After receiving a complaint, the federal Department of Labor did an investigation into DCA’s policies regarding compensating athletic inspectors. The DOL investigation focused on FLSA and not California state labor code/case law. This is important to stress. The DOL conducted an audit and DCA, in return, sent out a memo to athletic inspectors on Monday claiming that what DCA & CalHR did in regarding to stiffing athletic inspectors on travel was entirely legal.
What the memo sent out to athletic inspectors didn’t include is just as important as what it stated. First, the actual DOL audit was not included in the memo to inspectors. Second, the memo was written by a personnel stooge from Consumer Affairs, not a lawyer from DCA’s legal office.
The analyst who wrote the memo on Monday, Jeff Sears, was the same person who admitted last February that the Department of Consumer Affairs was still “researching the legal basis” for trying to confiscate back pay to athletic inspectors who were paid time-and-a-half wages up to three years ago. Once his admission went public on our web site, DCA immediately backed off from their letters of confiscation. It was smoke and mirrors.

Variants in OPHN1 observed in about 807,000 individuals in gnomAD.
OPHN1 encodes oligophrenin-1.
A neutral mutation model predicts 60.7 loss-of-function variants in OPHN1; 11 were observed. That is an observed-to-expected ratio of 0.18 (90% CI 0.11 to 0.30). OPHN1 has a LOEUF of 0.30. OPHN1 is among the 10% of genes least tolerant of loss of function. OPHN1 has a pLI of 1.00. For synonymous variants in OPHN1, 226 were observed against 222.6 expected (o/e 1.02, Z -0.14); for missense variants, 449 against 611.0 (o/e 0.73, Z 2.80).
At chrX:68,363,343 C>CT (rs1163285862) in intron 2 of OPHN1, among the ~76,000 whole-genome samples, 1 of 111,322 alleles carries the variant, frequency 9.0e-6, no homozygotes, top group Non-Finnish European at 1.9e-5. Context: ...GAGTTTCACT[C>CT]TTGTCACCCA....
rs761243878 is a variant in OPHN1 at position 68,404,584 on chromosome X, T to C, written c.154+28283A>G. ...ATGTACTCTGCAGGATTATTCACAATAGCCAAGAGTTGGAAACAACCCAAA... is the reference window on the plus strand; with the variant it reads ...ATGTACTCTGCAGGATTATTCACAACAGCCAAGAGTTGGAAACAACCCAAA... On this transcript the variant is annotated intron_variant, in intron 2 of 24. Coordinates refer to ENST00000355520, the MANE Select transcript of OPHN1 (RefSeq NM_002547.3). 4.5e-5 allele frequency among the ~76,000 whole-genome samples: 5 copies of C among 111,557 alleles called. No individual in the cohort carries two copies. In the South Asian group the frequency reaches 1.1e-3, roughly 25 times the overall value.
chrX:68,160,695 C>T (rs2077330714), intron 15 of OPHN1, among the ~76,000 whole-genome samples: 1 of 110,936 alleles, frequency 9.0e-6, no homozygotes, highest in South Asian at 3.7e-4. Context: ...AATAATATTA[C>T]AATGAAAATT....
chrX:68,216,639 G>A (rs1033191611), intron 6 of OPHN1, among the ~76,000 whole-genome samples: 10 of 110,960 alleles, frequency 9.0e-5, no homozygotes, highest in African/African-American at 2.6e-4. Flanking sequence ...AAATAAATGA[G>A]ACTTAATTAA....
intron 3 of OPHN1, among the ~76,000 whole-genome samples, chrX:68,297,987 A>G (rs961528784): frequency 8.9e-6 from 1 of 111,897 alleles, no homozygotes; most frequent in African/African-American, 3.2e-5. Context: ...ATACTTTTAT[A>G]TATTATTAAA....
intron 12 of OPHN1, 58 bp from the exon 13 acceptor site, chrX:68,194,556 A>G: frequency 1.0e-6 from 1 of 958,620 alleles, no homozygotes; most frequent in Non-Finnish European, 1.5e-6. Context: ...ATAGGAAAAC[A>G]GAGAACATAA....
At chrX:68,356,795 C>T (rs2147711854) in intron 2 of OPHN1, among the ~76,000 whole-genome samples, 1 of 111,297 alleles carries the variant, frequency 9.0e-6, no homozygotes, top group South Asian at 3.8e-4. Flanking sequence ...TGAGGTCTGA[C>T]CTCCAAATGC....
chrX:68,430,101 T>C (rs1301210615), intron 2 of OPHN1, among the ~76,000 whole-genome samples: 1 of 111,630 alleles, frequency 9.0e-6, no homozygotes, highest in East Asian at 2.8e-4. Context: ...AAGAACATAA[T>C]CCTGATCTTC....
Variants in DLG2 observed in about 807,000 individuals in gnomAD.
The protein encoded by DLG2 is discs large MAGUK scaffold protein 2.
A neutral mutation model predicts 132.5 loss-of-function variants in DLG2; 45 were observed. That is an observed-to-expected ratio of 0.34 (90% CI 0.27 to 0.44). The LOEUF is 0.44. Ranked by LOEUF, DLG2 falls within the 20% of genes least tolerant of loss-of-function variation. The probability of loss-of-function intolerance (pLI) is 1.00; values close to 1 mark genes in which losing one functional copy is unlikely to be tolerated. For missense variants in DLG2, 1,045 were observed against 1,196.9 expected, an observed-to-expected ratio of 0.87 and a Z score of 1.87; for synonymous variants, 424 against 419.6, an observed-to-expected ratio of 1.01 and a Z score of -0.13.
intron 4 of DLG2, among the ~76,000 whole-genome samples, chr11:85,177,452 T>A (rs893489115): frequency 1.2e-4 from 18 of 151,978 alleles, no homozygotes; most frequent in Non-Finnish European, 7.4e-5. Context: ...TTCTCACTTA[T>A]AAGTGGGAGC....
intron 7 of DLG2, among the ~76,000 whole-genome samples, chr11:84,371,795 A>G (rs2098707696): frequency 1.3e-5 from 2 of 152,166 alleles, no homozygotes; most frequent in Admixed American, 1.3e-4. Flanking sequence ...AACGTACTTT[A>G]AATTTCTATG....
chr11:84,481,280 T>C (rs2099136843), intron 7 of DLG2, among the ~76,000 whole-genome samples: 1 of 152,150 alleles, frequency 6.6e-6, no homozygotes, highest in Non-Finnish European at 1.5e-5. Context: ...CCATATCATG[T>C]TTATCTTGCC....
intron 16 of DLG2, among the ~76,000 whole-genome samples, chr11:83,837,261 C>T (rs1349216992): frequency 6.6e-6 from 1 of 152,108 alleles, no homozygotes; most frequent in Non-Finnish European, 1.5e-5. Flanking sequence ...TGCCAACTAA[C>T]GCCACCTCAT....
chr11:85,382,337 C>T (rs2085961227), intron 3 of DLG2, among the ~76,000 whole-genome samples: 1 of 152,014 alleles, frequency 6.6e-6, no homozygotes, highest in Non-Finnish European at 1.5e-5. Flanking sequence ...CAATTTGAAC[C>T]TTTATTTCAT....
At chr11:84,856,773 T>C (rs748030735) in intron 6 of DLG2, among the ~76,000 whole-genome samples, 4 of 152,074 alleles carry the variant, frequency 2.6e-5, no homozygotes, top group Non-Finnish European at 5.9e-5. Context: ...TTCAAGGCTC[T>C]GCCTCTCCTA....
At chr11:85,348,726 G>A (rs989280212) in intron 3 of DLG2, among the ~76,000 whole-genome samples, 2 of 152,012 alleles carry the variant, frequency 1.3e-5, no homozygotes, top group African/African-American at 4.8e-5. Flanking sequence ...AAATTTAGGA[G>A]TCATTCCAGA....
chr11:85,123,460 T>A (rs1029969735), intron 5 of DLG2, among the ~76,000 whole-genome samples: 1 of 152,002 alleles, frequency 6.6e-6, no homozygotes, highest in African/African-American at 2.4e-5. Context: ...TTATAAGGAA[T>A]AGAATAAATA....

Seven months later, Sears is going after the athletic inspectors again on behalf of Consumer Affairs. This time, he’s the hatchet man for explaining why DCA won’t pay travel expenses to athletic inspectors any longer.
Putting your words in writing
In an effort to illustrate (and humiliate) Jeff Sears, we have a collection of memos he and others have written over the years regarding payment policy to athletic inspectors. The California Labor Code regarding athletic inspectors hasn’t changed in the last six years. What’s changed is DCA’s pathetic attempt to wiggle out of following standard operating procedure by coming up with new legal interpretations that are not based on case law or actual changes in the law.
Exhibit A – Jeff Sears memo from April 24th, 2007
Claim: All athletic inspectors can get paid their work wages plus travel & mileage compension.
CALIFORNIA DEPARTMENT OF CONSUMER AFFAIRS
To: California State Athletic Commission staff
From: Jeffrey Sears, Classification & Pay Manager, Department of Consumer Affairs, Office of Human Resources